The question about the best position for increasing the odds of pregnancy has long been debated. Most medical researchers claim that there is no research to back up the fact that certain positions aid in conceiving. It’s possible to get pregnant through having intercourse in nearly any position.
That being said, gravity does play a role in conception. Many medical professionals recommend against positions that don’t require sperm to travel upstream—thereby having to fight the pull of gravity—such as woman-on-top or standing positions. Generally, man-on-top positions such as missionary are said to be most effective in increasing the odds of conception.Some experts also recommend placing a pillow beneath the woman’s hips to help make the sperm’s journey easier.
Most medical professionals will note that there is no research to back up these claims, but the common sense idea that easing the sperm’s journey in any way possible seems to hold value for many fertility experts.
Although the research tying sex positions to odds of conception is limited, there has been research done on artificial insemination processes in which a small tube is placed into the uterus to insert sperm. One study found that when women lay on their back for a period of 15 minutes following artificial insemination, there was a 27 percent incidence of pregnancy after three tries, whereas women who got up immediately after insemination had only an 18 percent incidence of pregnancy.1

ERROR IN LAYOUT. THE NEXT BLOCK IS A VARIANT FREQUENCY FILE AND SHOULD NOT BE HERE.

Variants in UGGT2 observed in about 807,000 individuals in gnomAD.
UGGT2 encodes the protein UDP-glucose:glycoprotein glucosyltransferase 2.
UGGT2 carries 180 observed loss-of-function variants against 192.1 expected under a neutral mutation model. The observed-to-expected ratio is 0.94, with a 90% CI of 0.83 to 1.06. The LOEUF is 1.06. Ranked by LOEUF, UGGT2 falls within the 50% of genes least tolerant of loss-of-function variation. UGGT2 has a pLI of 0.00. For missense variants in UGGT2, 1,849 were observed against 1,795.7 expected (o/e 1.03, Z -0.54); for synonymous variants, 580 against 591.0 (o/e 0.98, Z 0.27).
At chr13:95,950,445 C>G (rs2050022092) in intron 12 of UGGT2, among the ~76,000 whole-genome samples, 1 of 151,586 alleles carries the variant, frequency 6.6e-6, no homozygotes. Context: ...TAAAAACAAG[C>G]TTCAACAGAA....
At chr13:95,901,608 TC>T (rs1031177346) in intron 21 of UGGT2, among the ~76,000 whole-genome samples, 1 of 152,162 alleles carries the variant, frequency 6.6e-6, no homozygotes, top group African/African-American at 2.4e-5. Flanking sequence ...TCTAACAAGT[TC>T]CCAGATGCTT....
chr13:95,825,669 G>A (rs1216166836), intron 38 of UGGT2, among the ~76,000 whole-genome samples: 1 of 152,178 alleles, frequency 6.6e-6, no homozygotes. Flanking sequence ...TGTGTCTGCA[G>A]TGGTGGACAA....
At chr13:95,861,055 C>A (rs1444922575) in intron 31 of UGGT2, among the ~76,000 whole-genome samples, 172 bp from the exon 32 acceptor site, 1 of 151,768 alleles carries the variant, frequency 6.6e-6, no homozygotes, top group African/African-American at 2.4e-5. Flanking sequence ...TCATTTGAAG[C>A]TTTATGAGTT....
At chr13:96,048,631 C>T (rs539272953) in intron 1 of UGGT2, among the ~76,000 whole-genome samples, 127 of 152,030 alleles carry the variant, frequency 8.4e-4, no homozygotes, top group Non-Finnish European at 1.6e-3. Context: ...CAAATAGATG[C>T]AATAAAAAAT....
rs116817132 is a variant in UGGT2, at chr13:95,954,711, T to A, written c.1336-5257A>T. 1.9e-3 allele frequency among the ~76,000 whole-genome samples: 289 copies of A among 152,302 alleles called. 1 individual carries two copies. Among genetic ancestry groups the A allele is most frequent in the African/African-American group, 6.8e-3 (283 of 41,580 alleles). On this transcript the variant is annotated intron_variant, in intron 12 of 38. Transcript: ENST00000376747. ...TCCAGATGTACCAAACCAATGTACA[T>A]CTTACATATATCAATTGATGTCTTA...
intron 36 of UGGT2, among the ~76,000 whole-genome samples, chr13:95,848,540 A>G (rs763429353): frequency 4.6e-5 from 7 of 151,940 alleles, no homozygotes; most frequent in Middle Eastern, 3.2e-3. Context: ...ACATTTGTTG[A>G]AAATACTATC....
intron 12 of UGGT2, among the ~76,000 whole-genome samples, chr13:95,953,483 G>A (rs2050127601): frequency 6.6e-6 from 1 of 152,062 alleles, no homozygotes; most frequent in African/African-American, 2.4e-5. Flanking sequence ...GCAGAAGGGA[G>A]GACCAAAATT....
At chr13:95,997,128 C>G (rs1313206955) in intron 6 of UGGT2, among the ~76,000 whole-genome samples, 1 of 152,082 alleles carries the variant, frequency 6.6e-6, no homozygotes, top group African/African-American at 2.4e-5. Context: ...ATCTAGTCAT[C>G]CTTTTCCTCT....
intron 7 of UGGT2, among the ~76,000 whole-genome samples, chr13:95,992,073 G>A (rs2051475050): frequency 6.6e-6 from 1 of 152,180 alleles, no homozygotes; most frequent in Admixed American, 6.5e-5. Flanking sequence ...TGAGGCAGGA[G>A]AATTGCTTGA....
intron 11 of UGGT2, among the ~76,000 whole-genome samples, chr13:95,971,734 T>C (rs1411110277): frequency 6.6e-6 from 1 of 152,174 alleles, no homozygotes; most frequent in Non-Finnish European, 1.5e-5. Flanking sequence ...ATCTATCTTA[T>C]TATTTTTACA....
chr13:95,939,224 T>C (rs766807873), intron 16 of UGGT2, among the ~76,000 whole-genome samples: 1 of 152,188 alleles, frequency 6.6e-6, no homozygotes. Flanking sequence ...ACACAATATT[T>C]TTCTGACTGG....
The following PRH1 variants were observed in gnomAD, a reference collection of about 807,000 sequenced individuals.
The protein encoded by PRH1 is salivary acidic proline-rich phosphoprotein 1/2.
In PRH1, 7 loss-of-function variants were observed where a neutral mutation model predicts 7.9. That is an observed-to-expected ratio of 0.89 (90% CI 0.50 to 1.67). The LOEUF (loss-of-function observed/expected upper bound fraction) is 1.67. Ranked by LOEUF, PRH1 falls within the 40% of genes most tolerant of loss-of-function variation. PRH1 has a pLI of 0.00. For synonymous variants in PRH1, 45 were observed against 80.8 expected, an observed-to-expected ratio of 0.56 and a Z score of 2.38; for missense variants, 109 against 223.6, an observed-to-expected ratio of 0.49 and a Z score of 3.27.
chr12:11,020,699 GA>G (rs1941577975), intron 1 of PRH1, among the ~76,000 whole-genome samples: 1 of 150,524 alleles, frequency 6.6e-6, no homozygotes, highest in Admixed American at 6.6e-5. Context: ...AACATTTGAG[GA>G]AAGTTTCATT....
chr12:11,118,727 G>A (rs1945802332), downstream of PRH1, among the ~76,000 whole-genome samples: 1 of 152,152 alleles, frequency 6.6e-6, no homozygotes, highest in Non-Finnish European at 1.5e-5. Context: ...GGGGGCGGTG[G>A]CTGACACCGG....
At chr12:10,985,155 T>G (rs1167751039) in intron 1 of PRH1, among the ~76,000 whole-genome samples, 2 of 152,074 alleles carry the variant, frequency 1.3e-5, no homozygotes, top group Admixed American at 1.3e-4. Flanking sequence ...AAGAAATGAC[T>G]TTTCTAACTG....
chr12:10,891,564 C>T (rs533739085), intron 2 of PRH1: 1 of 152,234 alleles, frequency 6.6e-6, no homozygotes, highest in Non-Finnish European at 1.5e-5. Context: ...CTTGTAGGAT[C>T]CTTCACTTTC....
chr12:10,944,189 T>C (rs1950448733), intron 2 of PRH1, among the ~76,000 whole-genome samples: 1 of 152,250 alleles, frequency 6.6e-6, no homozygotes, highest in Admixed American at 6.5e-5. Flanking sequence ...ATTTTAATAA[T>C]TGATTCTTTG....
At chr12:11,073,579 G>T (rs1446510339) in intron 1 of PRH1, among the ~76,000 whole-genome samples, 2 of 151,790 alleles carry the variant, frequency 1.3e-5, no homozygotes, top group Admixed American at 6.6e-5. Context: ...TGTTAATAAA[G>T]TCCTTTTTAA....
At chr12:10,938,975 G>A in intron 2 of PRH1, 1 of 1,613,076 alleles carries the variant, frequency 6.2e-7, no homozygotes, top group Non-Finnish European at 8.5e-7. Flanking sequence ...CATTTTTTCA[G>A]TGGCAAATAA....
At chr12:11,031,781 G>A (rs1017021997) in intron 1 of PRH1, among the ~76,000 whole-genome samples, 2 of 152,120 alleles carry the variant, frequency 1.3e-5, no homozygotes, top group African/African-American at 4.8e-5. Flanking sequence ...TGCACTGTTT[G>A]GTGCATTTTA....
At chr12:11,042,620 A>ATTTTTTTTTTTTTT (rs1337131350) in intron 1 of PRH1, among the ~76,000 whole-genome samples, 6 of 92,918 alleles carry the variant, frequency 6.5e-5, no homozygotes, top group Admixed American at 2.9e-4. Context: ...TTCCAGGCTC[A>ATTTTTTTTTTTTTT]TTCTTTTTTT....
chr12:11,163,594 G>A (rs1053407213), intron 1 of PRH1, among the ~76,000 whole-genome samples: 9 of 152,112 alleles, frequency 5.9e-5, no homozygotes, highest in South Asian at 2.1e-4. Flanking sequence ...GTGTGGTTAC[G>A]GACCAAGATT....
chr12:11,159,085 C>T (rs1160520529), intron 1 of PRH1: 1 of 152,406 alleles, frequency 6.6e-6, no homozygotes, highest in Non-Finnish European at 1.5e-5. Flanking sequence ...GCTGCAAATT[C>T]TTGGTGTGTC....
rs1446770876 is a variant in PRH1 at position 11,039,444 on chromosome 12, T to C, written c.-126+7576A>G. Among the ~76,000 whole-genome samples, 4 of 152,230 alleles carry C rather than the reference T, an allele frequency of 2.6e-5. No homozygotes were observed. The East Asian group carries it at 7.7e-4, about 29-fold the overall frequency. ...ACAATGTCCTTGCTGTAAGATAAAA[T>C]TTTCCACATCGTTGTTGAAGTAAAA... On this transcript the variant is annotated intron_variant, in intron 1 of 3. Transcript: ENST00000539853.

So, if you are trying to become pregnant, it may be worth laying still for a short period post-coital rather than standing immediately.
Some fertility experts also recommend women who are TTC to practice yoga poses that require them to go upside down, called inversions. It’s been suggested that inversions could have positive impacts on the endocrine system, which may positively affect the reproductive system. There is little research to back these claims, but it won’t hurt anything to try! (For non-yogis who can’t just pop a handstand on demand right after orgasm, placing the legs up against a wall is a reasonable substitute.)
More important than pursuing specific sex positions is making sure that you and your partner enjoy the act of sex while TTC. Yes, sometimes this is easier said than done. But this might help motivate you: one study showed that men who engaged in foreplay for longer periods of time had a higher sperm count in their semen samples than those who had shorter periods of pre-sexual engagement.2